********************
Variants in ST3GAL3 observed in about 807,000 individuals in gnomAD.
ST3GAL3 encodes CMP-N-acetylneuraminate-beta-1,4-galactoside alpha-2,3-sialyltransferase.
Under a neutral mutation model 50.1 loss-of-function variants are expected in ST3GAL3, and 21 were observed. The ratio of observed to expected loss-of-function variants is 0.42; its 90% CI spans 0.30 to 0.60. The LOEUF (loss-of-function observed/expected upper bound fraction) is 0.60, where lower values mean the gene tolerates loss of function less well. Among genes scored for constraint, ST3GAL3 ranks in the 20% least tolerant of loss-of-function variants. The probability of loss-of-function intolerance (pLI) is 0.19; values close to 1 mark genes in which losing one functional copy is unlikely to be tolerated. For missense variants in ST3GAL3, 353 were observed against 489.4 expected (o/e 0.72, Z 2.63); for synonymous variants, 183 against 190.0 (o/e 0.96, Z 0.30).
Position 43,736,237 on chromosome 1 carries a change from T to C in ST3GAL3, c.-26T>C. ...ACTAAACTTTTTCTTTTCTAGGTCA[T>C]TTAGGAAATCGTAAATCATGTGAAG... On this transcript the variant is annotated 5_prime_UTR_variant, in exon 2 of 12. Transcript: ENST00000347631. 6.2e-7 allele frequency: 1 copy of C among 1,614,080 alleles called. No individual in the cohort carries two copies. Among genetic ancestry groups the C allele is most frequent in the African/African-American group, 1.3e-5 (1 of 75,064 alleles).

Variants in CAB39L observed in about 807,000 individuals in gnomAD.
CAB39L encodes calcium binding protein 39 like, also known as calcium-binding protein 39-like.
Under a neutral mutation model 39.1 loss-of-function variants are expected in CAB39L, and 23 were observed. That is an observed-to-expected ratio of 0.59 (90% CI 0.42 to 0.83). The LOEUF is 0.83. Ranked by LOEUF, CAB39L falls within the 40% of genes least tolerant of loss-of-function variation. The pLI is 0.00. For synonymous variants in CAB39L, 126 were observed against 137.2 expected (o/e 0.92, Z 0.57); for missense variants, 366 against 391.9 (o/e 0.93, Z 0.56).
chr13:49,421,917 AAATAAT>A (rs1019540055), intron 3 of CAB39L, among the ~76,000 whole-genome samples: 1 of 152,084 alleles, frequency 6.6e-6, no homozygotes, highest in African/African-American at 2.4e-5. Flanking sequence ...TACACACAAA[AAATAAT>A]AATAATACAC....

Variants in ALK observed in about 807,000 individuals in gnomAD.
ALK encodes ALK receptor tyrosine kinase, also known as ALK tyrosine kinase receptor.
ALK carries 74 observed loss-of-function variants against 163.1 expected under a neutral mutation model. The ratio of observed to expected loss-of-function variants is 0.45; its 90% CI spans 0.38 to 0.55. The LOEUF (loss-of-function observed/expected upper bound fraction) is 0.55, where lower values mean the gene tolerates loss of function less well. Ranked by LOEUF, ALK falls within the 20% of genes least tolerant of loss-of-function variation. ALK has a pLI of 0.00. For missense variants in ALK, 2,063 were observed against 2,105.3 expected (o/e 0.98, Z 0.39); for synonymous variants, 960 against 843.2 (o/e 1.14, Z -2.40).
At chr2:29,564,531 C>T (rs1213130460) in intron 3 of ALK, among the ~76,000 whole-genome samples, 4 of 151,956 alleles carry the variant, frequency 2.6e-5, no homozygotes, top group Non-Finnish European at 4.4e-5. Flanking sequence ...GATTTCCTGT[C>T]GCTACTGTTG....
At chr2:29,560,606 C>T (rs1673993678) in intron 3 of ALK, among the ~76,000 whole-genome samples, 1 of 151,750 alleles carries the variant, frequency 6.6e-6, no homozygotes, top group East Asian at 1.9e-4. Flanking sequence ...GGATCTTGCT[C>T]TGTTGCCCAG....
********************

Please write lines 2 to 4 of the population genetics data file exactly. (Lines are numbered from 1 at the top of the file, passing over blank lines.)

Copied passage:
ST3GAL3 encodes CMP-N-acetylneuraminate-beta-1,4-galactoside alpha-2,3-sialyltransferase.
Under a neutral mutation model 50.1 loss-of-function variants are expected in ST3GAL3, and 21 were observed. The ratio of observed to expected loss-of-function variants is 0.42; its 90% CI spans 0.30 to 0.60. The LOEUF (loss-of-function observed/expected upper bound fraction) is 0.60, where lower values mean the gene tolerates loss of function less well. Among genes scored for constraint, ST3GAL3 ranks in the 20% least tolerant of loss-of-function variants. The probability of loss-of-function intolerance (pLI) is 0.19; values close to 1 mark genes in which losing one functional copy is unlikely to be tolerated. For missense variants in ST3GAL3, 353 were observed against 489.4 expected (o/e 0.72, Z 2.63); for synonymous variants, 183 against 190.0 (o/e 0.96, Z 0.30).
Position 43,736,237 on chromosome 1 carries a change from T to C in ST3GAL3, c.-26T>C. ...ACTAAACTTTTTCTTTTCTAGGTCA[T>C]TTAGGAAATCGTAAATCATGTGAAG... On this transcript the variant is annotated 5_prime_UTR_variant, in exon 2 of 12. Transcript: ENST00000347631. 6.2e-7 allele frequency: 1 copy of C among 1,614,080 alleles called. No individual in the cohort carries two copies. Among genetic ancestry groups the C allele is most frequent in the African/African-American group, 1.3e-5 (1 of 75,064 alleles).